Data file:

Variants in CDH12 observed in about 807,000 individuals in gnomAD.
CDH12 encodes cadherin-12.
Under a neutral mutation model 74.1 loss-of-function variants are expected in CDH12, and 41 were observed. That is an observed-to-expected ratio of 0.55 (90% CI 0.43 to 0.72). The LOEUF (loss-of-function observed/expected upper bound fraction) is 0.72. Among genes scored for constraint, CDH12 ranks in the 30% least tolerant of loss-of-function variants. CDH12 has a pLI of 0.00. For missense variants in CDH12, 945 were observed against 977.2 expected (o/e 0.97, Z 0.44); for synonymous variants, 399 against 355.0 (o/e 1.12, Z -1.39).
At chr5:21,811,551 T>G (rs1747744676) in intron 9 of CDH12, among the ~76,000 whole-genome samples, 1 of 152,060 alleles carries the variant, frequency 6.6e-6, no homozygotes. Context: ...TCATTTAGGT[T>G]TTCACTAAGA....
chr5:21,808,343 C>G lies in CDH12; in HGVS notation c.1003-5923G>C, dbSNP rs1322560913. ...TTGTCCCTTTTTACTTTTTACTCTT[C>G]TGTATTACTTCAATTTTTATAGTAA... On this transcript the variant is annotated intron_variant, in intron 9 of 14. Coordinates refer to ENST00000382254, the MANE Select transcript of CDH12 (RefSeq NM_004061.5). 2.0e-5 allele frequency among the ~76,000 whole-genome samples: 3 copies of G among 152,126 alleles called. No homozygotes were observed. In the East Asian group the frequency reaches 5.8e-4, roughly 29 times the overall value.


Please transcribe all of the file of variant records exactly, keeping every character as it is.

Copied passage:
Variants in CDH12 observed in about 807,000 individuals in gnomAD.
CDH12 encodes cadherin-12.
Under a neutral mutation model 74.1 loss-of-function variants are expected in CDH12, and 41 were observed. That is an observed-to-expected ratio of 0.55 (90% CI 0.43 to 0.72). The LOEUF (loss-of-function observed/expected upper bound fraction) is 0.72. Among genes scored for constraint, CDH12 ranks in the 30% least tolerant of loss-of-function variants. CDH12 has a pLI of 0.00. For missense variants in CDH12, 945 were observed against 977.2 expected (o/e 0.97, Z 0.44); for synonymous variants, 399 against 355.0 (o/e 1.12, Z -1.39).
At chr5:21,811,551 T>G (rs1747744676) in intron 9 of CDH12, among the ~76,000 whole-genome samples, 1 of 152,060 alleles carries the variant, frequency 6.6e-6, no homozygotes. Context: ...TCATTTAGGT[T>G]TTCACTAAGA....
chr5:21,808,343 C>G lies in CDH12; in HGVS notation c.1003-5923G>C, dbSNP rs1322560913. ...TTGTCCCTTTTTACTTTTTACTCTT[C>G]TGTATTACTTCAATTTTTATAGTAA... On this transcript the variant is annotated intron_variant, in intron 9 of 14. Coordinates refer to ENST00000382254, the MANE Select transcript of CDH12 (RefSeq NM_004061.5). 2.0e-5 allele frequency among the ~76,000 whole-genome samples: 3 copies of G among 152,126 alleles called. No homozygotes were observed. In the East Asian group the frequency reaches 5.8e-4, roughly 29 times the overall value.